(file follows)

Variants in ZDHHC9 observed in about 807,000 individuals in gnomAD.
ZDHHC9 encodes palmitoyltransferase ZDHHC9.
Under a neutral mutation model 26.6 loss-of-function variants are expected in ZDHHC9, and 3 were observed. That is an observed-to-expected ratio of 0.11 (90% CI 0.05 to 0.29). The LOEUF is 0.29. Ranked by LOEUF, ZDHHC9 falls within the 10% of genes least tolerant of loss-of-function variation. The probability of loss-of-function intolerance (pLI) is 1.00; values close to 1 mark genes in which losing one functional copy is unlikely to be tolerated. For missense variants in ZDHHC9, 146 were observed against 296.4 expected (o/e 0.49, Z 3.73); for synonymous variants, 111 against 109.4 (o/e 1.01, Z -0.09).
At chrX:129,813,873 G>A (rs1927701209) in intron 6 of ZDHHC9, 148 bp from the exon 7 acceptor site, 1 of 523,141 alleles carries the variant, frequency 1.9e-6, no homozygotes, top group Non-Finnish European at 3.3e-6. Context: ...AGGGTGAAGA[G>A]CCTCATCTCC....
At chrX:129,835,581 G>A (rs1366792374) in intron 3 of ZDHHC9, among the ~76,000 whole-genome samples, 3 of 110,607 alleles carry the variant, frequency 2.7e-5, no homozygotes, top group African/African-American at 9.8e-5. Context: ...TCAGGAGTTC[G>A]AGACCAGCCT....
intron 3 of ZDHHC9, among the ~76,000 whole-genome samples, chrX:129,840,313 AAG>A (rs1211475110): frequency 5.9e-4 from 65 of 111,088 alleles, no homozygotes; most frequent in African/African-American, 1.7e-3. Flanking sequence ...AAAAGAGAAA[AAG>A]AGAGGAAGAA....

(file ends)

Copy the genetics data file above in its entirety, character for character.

Variants in ZDHHC9 observed in about 807,000 individuals in gnomAD.
ZDHHC9 encodes palmitoyltransferase ZDHHC9.
Under a neutral mutation model 26.6 loss-of-function variants are expected in ZDHHC9, and 3 were observed. That is an observed-to-expected ratio of 0.11 (90% CI 0.05 to 0.29). The LOEUF is 0.29. Ranked by LOEUF, ZDHHC9 falls within the 10% of genes least tolerant of loss-of-function variation. The probability of loss-of-function intolerance (pLI) is 1.00; values close to 1 mark genes in which losing one functional copy is unlikely to be tolerated. For missense variants in ZDHHC9, 146 were observed against 296.4 expected (o/e 0.49, Z 3.73); for synonymous variants, 111 against 109.4 (o/e 1.01, Z -0.09).
At chrX:129,813,873 G>A (rs1927701209) in intron 6 of ZDHHC9, 148 bp from the exon 7 acceptor site, 1 of 523,141 alleles carries the variant, frequency 1.9e-6, no homozygotes, top group Non-Finnish European at 3.3e-6. Context: ...AGGGTGAAGA[G>A]CCTCATCTCC....
At chrX:129,835,581 G>A (rs1366792374) in intron 3 of ZDHHC9, among the ~76,000 whole-genome samples, 3 of 110,607 alleles carry the variant, frequency 2.7e-5, no homozygotes, top group African/African-American at 9.8e-5. Context: ...TCAGGAGTTC[G>A]AGACCAGCCT....
intron 3 of ZDHHC9, among the ~76,000 whole-genome samples, chrX:129,840,313 AAG>A (rs1211475110): frequency 5.9e-4 from 65 of 111,088 alleles, no homozygotes; most frequent in African/African-American, 1.7e-3. Flanking sequence ...AAAAGAGAAA[AAG>A]AGAGGAAGAA....